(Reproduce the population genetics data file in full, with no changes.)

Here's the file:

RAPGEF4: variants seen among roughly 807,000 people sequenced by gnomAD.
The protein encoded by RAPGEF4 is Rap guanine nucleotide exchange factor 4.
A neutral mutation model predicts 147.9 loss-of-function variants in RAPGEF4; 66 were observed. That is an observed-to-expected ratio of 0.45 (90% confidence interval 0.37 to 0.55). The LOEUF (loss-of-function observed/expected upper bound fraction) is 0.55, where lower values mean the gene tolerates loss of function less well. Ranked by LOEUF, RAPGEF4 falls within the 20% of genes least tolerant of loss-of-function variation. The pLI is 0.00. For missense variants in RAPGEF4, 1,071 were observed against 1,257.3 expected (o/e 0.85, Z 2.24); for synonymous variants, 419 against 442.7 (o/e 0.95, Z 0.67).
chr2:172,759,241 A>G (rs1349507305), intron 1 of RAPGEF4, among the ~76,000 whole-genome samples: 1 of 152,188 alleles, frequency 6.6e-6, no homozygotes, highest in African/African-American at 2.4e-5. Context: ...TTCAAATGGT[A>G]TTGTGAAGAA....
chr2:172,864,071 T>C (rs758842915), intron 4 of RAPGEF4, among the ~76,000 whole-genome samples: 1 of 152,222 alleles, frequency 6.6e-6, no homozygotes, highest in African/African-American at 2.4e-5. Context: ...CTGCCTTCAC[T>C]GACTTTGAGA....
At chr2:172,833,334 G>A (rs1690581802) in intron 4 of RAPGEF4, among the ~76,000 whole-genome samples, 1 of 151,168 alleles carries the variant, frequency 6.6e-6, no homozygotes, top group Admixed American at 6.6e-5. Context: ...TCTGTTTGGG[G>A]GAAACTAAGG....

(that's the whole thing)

RAPGEF4: variants seen among roughly 807,000 people sequenced by gnomAD.
The protein encoded by RAPGEF4 is Rap guanine nucleotide exchange factor 4.
A neutral mutation model predicts 147.9 loss-of-function variants in RAPGEF4; 66 were observed. That is an observed-to-expected ratio of 0.45 (90% confidence interval 0.37 to 0.55). The LOEUF (loss-of-function observed/expected upper bound fraction) is 0.55, where lower values mean the gene tolerates loss of function less well. Ranked by LOEUF, RAPGEF4 falls within the 20% of genes least tolerant of loss-of-function variation. The pLI is 0.00. For missense variants in RAPGEF4, 1,071 were observed against 1,257.3 expected (o/e 0.85, Z 2.24); for synonymous variants, 419 against 442.7 (o/e 0.95, Z 0.67).
chr2:172,759,241 A>G (rs1349507305), intron 1 of RAPGEF4, among the ~76,000 whole-genome samples: 1 of 152,188 alleles, frequency 6.6e-6, no homozygotes, highest in African/African-American at 2.4e-5. Context: ...TTCAAATGGT[A>G]TTGTGAAGAA....
chr2:172,864,071 T>C (rs758842915), intron 4 of RAPGEF4, among the ~76,000 whole-genome samples: 1 of 152,222 alleles, frequency 6.6e-6, no homozygotes, highest in African/African-American at 2.4e-5. Context: ...CTGCCTTCAC[T>C]GACTTTGAGA....
At chr2:172,833,334 G>A (rs1690581802) in intron 4 of RAPGEF4, among the ~76,000 whole-genome samples, 1 of 151,168 alleles carries the variant, frequency 6.6e-6, no homozygotes, top group Admixed American at 6.6e-5. Context: ...TCTGTTTGGG[G>A]GAAACTAAGG....